February 17, 2006


Hu Ge's BLOODY CASE THAT STARTED FROM A STEAMED BUN, his tremendously popular online video parody of Chen Kaige's THE PROMISE, has done something THE PROMISE has not: entertained millions of Chinese people. But it's also managed to send Chen into a whirling frenzy, threatening lawsuits and hiring lawyers.

At a press conference in Berlin, Chen said, ""We have decided to sue the filmmaker, Hu Ge, for damaging the copyright of THE PROMISE. I can't imagine a man could be so impudent."

Hu Ge has publicly apologized to Chen Kaige but Chen has hired a lawyer who made the following statement:

"What matters is that Hu Ge repeatedly claimed in public that he didn't infringe on the copyright and Chen has no reason to sue him. This made my clients upset and they decided to protect their rights by law."

This rationale is from a very complicated piece of legal theory known as "So There!" law. Hu Ge claims he can't be sued. So Chen Kaige sues him and now Hu Ge is wrong. So There! The case hasn't gone to court yet, or been officially filed, but folks are saying it's a publicity stunt by a once-great director who has seen his reputation and career slipping away.

This isn't the first time Chen has freaked out in public. According to a sharp-eyed reader, back in 2005 at a pre-release press conference a reporter asked Chen:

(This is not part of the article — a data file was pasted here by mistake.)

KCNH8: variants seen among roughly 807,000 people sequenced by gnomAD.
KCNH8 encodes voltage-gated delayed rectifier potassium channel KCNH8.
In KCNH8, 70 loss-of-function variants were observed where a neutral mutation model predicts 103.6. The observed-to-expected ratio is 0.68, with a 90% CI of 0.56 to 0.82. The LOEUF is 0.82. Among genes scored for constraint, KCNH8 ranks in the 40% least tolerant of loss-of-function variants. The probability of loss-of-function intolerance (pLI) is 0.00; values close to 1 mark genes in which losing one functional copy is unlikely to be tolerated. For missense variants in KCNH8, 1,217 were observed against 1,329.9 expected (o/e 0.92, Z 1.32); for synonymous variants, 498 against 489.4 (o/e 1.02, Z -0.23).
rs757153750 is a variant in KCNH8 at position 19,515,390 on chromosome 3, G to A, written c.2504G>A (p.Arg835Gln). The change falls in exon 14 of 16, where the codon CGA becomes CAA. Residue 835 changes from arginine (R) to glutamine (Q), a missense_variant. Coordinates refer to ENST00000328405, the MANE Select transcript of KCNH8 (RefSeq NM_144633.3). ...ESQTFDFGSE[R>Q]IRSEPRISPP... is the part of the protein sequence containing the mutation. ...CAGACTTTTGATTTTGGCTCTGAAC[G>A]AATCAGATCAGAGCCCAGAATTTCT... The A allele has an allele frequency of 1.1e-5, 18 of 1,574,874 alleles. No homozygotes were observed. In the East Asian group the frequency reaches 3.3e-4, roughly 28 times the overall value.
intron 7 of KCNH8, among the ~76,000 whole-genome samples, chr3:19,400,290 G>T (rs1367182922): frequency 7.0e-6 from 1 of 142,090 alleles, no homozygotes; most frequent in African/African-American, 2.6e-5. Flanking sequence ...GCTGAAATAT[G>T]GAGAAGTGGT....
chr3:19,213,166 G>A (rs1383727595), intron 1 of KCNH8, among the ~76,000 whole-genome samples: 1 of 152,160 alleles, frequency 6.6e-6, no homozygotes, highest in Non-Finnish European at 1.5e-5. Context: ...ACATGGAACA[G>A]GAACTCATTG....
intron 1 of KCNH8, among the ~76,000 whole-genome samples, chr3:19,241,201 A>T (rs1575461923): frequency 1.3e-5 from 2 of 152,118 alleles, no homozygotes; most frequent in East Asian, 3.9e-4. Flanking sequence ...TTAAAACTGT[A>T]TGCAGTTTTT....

"You said that your movie is related to your dignity, so what will happen if THE PROMISE bombs?"

Chen responded by bawling out the reporter who ran from the room. He also ducked out of his scheduled interviews after the Golden Globe when THE PROMISE failed to win anything.

Chen may hold the legal high ground (and according to Chinese law he'll probably win the suit) and he may also have won legal power points for his aggressive "So There!" prosecution, but Hu Ge is coming out of this a winner. He's been offered a job by a Guangdong TV station who want him to make more short films and public support is overwhelmingly on his side. Chinese internet portal Netease just conducted a poll and while 843 people supported Chen, 14,760 supported Hu Ge.

Even Chen Kaige's wives aren't in his corner on this one. His current wife, Chen Hong, has said that the parody is no big deal because it had no commercial motive and his former wife has posted on her blog, "He is too petty-minded to tolerate a little bun."

The media seems to be firmly on Hu Ge's side, claiming that at least his movie made them laugh whereas Chen's film just wasted their money. But their BS antennas were twitching like crazy and Wang Xiaoyu writing for Southern Metropolis Daily hit the target dead on with this comment:

"As Chen Hong said, Hu Ge's video clip has no commercial motive.  But the deceptive thing was that Chen Kaige was able to manipulate it for commercial publicity.  The current heated debate about the law is just a cover, because the identity of the final victor is immaterial.  Nobody loses: the plaintiff gets the "eyeball effect" and the defendant gets the support of the majority of netizens.  Everybody gets what they need."

(Many thanks to EastSouthWestNorth)

February 17, 2006 at 07:14 AM in News | Permalink


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